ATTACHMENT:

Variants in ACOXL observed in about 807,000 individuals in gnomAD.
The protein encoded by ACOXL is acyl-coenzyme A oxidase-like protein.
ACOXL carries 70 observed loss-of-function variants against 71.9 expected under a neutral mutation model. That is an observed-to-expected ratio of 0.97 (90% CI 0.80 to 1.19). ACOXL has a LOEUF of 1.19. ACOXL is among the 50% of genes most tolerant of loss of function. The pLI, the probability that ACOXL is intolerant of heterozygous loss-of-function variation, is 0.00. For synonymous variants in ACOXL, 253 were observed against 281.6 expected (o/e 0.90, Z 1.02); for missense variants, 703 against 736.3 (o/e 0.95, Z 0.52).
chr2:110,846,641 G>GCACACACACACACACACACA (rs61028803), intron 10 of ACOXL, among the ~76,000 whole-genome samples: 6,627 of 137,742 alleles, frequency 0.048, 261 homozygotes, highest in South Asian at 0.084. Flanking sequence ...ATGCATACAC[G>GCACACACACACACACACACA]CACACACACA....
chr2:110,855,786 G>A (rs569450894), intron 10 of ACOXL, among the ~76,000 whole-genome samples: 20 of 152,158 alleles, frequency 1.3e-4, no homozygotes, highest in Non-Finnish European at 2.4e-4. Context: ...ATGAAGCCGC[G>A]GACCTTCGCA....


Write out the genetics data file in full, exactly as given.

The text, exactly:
Variants in ACOXL observed in about 807,000 individuals in gnomAD.
The protein encoded by ACOXL is acyl-coenzyme A oxidase-like protein.
ACOXL carries 70 observed loss-of-function variants against 71.9 expected under a neutral mutation model. That is an observed-to-expected ratio of 0.97 (90% CI 0.80 to 1.19). ACOXL has a LOEUF of 1.19. ACOXL is among the 50% of genes most tolerant of loss of function. The pLI, the probability that ACOXL is intolerant of heterozygous loss-of-function variation, is 0.00. For synonymous variants in ACOXL, 253 were observed against 281.6 expected (o/e 0.90, Z 1.02); for missense variants, 703 against 736.3 (o/e 0.95, Z 0.52).
chr2:110,846,641 G>GCACACACACACACACACACA (rs61028803), intron 10 of ACOXL, among the ~76,000 whole-genome samples: 6,627 of 137,742 alleles, frequency 0.048, 261 homozygotes, highest in South Asian at 0.084. Flanking sequence ...ATGCATACAC[G>GCACACACACACACACACACA]CACACACACA....
chr2:110,855,786 G>A (rs569450894), intron 10 of ACOXL, among the ~76,000 whole-genome samples: 20 of 152,158 alleles, frequency 1.3e-4, no homozygotes, highest in Non-Finnish European at 2.4e-4. Context: ...ATGAAGCCGC[G>A]GACCTTCGCA....